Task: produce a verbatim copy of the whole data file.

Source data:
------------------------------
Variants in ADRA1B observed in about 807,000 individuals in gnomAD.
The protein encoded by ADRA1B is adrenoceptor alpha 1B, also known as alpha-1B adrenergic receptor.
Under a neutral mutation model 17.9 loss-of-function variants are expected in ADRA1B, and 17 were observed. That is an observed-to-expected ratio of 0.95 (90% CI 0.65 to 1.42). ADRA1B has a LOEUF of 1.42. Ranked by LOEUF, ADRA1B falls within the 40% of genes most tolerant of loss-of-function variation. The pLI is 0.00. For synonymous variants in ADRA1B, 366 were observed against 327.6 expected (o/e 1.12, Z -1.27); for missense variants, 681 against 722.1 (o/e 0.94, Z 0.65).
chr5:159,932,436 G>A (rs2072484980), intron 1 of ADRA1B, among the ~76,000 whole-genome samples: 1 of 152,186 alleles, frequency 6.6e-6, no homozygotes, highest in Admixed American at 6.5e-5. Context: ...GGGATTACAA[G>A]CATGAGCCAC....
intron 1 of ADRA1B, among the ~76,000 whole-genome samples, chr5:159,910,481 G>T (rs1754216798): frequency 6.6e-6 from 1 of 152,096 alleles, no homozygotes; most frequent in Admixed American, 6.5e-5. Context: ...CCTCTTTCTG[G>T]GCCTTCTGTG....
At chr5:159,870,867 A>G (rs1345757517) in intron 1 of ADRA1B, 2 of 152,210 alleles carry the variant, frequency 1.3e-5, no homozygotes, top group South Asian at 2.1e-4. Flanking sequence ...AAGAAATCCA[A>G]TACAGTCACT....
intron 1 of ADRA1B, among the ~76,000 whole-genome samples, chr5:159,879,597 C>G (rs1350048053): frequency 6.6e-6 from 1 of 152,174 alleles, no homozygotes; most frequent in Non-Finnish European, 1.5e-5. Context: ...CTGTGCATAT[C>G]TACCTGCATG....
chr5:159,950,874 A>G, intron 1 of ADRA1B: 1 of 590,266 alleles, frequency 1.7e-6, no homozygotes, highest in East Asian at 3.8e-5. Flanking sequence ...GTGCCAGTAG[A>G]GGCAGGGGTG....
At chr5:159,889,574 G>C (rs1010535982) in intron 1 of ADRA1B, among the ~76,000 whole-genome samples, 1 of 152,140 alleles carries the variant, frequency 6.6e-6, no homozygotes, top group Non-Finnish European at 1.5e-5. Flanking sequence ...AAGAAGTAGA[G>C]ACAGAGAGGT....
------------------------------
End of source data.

Variants in ADRA1B observed in about 807,000 individuals in gnomAD.
The protein encoded by ADRA1B is adrenoceptor alpha 1B, also known as alpha-1B adrenergic receptor.
Under a neutral mutation model 17.9 loss-of-function variants are expected in ADRA1B, and 17 were observed. That is an observed-to-expected ratio of 0.95 (90% CI 0.65 to 1.42). ADRA1B has a LOEUF of 1.42. Ranked by LOEUF, ADRA1B falls within the 40% of genes most tolerant of loss-of-function variation. The pLI is 0.00. For synonymous variants in ADRA1B, 366 were observed against 327.6 expected (o/e 1.12, Z -1.27); for missense variants, 681 against 722.1 (o/e 0.94, Z 0.65).
chr5:159,932,436 G>A (rs2072484980), intron 1 of ADRA1B, among the ~76,000 whole-genome samples: 1 of 152,186 alleles, frequency 6.6e-6, no homozygotes, highest in Admixed American at 6.5e-5. Context: ...GGGATTACAA[G>A]CATGAGCCAC....
intron 1 of ADRA1B, among the ~76,000 whole-genome samples, chr5:159,910,481 G>T (rs1754216798): frequency 6.6e-6 from 1 of 152,096 alleles, no homozygotes; most frequent in Admixed American, 6.5e-5. Context: ...CCTCTTTCTG[G>T]GCCTTCTGTG....
At chr5:159,870,867 A>G (rs1345757517) in intron 1 of ADRA1B, 2 of 152,210 alleles carry the variant, frequency 1.3e-5, no homozygotes, top group South Asian at 2.1e-4. Flanking sequence ...AAGAAATCCA[A>G]TACAGTCACT....
intron 1 of ADRA1B, among the ~76,000 whole-genome samples, chr5:159,879,597 C>G (rs1350048053): frequency 6.6e-6 from 1 of 152,174 alleles, no homozygotes; most frequent in Non-Finnish European, 1.5e-5. Context: ...CTGTGCATAT[C>G]TACCTGCATG....
chr5:159,950,874 A>G, intron 1 of ADRA1B: 1 of 590,266 alleles, frequency 1.7e-6, no homozygotes, highest in East Asian at 3.8e-5. Flanking sequence ...GTGCCAGTAG[A>G]GGCAGGGGTG....
At chr5:159,889,574 G>C (rs1010535982) in intron 1 of ADRA1B, among the ~76,000 whole-genome samples, 1 of 152,140 alleles carries the variant, frequency 6.6e-6, no homozygotes, top group Non-Finnish European at 1.5e-5. Flanking sequence ...AAGAAGTAGA[G>C]ACAGAGAGGT....